Richard Watson: So, okay, let’s start digging into the details. If we start with filters and search. Looking at DOORS, DOORS obviously has a world that’s wrapped around individual modules, and so trying to filter and search information across modules is next to impossible.
Initially, when we started out using DOORS years ago, that was okay. Today it’s not. Today we’re finding organizations have got thousands of DOORS modules and millions of requirements in those are total modules. It’s really difficult to find the data that you need. When you’re in a module, of course, DOORS has got quite sophisticated, complex filter definitions, but even they’re frustrating because if you want to modify them for some reason, perhaps you need to change them or maybe they’re even wrong, you have to start from scratch and normally, you need help to do that.
If we jump the fence DOORS Next, DOORS Next is DOORS next generation. It should be the next generation of DOORS, but it’s hampered by its history. DOORS Next actually was developed on top of an original tool requirements composer. And in order to introduce the DOORS, facilities, modules were added. And as a secondary fun function, modules actually confuse the situation. For example, when you add a requirement to a DOORS Next module, it also gets added to what’s called a base folder. And so when you’re searching for information, you need to know whether you’re looking for the requirement in a module or whether inadvertently you find that requirement in the folder. Sometimes you can even count these requirements twice because they’re in two separate places.
Cary Bryczek: Richard, that sounds complicated even listening to you describe it. Jama is a modern tool and we took a completely new approach with a web-based UI that’s designed for anybody to get up and running. And filters and searches is one of the prime areas that make it really super simple and easy to use for analysis.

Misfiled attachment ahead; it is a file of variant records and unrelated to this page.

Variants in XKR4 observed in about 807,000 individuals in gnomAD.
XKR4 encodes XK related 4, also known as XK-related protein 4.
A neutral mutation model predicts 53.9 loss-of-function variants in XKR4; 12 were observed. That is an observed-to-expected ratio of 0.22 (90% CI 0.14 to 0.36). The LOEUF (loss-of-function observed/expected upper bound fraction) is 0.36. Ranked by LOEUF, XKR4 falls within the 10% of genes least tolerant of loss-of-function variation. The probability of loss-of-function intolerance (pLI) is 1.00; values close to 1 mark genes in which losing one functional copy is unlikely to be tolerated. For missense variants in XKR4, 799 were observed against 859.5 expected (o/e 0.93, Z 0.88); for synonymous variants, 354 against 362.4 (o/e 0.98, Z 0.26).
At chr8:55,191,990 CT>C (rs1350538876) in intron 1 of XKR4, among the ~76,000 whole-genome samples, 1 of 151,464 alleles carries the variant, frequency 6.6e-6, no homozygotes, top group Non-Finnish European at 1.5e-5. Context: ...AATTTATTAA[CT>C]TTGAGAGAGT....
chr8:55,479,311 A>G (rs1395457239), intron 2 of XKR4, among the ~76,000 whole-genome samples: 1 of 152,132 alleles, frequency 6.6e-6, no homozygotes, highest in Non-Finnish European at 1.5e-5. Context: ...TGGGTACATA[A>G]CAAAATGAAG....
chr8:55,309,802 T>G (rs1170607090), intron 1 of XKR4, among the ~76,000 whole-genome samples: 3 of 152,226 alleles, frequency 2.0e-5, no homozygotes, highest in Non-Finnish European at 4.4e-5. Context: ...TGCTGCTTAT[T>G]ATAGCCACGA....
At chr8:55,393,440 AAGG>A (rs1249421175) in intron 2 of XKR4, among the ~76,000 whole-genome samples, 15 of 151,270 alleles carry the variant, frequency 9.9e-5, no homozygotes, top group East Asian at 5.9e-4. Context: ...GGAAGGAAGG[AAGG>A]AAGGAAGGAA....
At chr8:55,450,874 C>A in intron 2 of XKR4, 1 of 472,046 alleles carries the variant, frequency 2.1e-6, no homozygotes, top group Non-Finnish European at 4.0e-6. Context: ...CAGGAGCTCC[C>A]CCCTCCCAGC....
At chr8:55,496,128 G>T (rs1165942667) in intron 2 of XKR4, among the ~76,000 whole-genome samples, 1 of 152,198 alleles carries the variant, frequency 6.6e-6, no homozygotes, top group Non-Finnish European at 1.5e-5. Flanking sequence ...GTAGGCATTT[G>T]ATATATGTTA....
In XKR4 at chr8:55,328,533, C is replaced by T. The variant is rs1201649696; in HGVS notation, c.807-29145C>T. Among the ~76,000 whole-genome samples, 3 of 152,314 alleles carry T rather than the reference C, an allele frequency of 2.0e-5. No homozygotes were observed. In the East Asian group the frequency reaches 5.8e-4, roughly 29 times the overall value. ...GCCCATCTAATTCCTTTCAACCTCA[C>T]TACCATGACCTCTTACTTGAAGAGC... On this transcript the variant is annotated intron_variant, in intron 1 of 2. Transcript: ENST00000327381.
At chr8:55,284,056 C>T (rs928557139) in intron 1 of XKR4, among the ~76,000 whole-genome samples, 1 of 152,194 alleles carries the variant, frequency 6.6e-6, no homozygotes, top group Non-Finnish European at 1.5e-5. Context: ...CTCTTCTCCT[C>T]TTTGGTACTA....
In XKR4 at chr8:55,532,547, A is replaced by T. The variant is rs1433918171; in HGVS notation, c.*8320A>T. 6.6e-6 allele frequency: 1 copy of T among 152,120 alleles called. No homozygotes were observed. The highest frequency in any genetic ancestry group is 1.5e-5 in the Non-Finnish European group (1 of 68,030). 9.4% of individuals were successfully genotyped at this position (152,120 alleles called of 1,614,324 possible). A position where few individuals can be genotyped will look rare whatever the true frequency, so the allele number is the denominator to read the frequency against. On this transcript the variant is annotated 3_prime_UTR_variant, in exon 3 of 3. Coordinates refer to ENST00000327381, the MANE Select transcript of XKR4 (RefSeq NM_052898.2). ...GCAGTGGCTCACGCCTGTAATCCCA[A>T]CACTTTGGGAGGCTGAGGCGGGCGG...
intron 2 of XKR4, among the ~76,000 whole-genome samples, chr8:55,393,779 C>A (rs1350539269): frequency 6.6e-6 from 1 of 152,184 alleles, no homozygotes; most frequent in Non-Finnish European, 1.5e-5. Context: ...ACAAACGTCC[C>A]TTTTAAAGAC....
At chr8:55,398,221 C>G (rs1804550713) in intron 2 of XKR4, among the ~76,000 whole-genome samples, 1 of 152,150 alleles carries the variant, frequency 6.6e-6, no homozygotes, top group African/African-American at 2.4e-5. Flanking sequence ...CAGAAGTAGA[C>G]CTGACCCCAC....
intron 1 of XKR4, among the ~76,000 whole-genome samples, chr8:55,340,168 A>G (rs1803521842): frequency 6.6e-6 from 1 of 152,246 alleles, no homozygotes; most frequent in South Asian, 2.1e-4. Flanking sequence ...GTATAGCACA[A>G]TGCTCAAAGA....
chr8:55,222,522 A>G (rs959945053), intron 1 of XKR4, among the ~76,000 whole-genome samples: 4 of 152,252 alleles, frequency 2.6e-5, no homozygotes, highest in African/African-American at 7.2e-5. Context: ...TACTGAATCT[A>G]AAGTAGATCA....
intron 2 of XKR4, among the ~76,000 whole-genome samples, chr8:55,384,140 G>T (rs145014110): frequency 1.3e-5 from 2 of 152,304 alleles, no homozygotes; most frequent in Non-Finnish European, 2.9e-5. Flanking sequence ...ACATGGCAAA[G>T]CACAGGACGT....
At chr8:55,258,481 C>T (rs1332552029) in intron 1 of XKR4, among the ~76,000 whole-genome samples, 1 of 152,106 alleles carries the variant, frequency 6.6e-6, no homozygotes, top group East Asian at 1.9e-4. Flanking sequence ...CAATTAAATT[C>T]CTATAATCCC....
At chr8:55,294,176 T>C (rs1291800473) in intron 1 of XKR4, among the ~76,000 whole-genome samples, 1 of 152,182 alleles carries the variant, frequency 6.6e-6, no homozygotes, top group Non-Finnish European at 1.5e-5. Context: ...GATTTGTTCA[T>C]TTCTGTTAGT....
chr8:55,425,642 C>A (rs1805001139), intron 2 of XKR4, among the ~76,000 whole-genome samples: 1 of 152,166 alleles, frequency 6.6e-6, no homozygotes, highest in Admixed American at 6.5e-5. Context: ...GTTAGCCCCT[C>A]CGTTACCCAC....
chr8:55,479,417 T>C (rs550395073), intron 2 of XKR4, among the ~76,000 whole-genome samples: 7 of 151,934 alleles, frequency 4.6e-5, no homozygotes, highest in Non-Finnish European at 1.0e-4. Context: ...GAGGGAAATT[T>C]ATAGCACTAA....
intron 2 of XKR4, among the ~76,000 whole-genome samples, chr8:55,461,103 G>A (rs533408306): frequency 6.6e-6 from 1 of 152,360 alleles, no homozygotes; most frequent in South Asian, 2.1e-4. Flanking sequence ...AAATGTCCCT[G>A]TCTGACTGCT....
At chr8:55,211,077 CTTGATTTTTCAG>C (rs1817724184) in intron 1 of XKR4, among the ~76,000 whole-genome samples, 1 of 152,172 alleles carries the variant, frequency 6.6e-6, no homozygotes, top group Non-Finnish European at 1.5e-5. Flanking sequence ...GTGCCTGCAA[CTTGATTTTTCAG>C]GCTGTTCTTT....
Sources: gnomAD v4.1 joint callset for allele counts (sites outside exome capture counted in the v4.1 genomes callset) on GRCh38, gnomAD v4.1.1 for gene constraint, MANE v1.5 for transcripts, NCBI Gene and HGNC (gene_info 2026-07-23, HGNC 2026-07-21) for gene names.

Let me just show you what I mean. When we created Jama, we wanted it to be easy to use right away, and finding information should be just intuitive as possible. You don’t have to write any kind of DXL. I can see filters that I already have. I can see just things that I’ve bookmarked creating and searching. Again, I don’t have to write any DXL. It should just show me the particular type of requirements. I can even find things across. What are the ones that don’t have any downstream relationships.
Richard Watson: Yeah. This is so much different to DOORS, and also it’s an improvement over DOORS Next, Cary, because you can do filters on the information at the other side of the relationships and that’s quite difficult to do in DOORS Next and you just can’t do that in DOORS at all.
Cary Bryczek: Yeah. Filters are built into almost any view that you’re on. So if I’m right in a view that I’m looking at requirements, I’m able to filter it right there, filtered by keyword, filtered by the types of things that are in the view, even through traceability.
Richard Watson: Yeah. That’s really interesting, Cary. I particularly liked the way you were doing filters over relationships. I mean you consider it trying to do a filter in DOORS Next, which is impossible saying show me requirements related to defects that have been raised against failed test cases. You just can’t do that type of filtering inside of DOORS Next. So it’s pretty cool in Jama.